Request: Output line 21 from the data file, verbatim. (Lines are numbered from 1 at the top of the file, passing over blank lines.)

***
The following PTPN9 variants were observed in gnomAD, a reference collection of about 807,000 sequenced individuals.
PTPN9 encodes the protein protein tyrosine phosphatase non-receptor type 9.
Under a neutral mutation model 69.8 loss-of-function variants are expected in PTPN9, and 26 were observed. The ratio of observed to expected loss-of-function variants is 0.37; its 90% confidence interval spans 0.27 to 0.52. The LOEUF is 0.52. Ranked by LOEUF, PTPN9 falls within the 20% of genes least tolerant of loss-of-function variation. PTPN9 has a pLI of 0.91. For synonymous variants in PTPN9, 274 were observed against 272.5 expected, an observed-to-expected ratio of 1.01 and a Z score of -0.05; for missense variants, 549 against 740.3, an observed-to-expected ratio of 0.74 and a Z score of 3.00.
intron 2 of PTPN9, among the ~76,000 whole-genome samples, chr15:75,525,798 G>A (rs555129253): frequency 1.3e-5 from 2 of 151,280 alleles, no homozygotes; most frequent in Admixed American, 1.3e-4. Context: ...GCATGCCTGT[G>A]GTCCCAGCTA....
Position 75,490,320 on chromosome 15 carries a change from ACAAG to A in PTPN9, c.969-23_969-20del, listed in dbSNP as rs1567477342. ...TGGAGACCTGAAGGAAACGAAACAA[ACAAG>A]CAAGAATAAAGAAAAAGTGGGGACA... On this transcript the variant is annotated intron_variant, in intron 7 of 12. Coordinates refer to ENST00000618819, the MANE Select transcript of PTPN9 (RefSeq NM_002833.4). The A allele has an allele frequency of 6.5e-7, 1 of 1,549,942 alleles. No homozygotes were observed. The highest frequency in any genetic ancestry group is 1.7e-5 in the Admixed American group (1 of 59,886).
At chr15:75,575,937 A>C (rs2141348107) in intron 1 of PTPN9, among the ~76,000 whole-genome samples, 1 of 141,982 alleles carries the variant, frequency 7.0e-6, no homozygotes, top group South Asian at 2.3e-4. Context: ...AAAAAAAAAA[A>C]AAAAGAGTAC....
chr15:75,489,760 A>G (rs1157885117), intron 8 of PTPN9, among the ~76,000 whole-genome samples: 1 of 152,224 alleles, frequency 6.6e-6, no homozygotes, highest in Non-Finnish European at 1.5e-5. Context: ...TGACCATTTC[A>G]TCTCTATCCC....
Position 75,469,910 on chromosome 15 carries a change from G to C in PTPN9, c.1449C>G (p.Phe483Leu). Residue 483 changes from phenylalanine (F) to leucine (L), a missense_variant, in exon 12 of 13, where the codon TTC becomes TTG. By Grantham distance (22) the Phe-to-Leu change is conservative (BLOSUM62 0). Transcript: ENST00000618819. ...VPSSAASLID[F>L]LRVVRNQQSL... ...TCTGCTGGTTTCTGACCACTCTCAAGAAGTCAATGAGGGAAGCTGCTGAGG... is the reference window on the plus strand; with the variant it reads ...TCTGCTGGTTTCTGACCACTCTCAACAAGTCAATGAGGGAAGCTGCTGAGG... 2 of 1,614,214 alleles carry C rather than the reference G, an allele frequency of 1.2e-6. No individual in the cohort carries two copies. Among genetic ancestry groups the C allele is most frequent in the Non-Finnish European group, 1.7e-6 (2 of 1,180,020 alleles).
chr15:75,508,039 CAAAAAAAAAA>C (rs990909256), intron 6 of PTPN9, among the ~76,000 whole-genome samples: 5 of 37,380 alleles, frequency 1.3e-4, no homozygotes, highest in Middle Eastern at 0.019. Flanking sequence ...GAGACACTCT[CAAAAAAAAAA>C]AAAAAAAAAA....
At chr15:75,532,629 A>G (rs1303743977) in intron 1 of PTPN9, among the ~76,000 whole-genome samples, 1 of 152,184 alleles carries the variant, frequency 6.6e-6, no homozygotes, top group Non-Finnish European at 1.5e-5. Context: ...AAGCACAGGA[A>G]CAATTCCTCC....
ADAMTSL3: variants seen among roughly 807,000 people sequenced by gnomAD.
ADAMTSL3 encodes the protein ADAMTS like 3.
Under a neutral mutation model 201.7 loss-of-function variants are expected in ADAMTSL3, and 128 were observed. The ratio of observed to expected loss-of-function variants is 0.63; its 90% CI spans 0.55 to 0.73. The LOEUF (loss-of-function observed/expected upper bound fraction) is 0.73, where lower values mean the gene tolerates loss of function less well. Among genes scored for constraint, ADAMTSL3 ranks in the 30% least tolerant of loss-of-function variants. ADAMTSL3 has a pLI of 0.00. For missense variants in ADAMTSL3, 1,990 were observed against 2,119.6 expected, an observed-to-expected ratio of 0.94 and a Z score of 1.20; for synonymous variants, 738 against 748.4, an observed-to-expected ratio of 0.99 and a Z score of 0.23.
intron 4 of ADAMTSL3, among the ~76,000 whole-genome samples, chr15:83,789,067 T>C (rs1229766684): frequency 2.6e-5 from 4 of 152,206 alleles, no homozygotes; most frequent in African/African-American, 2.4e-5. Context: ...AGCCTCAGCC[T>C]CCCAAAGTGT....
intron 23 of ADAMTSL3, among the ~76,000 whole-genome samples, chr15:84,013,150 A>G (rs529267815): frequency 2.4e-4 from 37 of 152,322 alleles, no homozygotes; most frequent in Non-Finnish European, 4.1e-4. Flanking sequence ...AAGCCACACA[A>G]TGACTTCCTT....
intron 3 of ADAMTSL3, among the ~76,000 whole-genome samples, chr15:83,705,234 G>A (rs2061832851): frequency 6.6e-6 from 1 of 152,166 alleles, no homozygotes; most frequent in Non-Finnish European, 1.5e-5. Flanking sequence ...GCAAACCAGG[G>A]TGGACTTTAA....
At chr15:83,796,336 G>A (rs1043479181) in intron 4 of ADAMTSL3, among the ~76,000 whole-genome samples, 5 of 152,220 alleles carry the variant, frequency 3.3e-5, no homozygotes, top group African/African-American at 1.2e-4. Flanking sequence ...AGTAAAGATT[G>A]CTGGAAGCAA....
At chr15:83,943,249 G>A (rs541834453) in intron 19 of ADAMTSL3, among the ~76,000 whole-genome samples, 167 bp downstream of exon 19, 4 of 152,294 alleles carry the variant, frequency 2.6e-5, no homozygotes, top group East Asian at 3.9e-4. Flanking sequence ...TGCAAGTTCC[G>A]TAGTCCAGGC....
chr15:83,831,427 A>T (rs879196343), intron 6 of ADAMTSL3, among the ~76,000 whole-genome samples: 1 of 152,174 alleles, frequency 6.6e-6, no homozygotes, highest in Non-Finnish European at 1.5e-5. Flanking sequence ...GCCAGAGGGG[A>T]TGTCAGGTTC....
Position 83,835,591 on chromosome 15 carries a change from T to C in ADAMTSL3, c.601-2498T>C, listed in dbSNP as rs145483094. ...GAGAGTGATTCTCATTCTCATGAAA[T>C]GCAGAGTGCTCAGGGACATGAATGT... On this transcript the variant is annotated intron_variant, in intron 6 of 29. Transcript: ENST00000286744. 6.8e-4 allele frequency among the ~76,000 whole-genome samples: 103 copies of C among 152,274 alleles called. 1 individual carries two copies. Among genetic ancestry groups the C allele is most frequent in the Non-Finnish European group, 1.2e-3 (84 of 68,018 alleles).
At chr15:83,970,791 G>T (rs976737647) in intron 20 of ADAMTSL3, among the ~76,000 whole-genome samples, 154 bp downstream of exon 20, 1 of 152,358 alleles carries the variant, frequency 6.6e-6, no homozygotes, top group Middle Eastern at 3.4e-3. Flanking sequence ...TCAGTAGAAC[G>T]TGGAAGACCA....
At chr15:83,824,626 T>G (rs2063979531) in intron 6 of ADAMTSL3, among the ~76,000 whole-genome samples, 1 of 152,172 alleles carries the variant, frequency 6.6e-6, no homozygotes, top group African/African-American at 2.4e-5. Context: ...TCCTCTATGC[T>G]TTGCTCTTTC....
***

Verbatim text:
At chr15:83,970,791 G>T (rs976737647) in intron 20 of ADAMTSL3, among the ~76,000 whole-genome samples, 154 bp downstream of exon 20, 1 of 152,358 alleles carries the variant, frequency 6.6e-6, no homozygotes, top group Middle Eastern at 3.4e-3. Flanking sequence ...TCAGTAGAAC[G>T]TGGAAGACCA....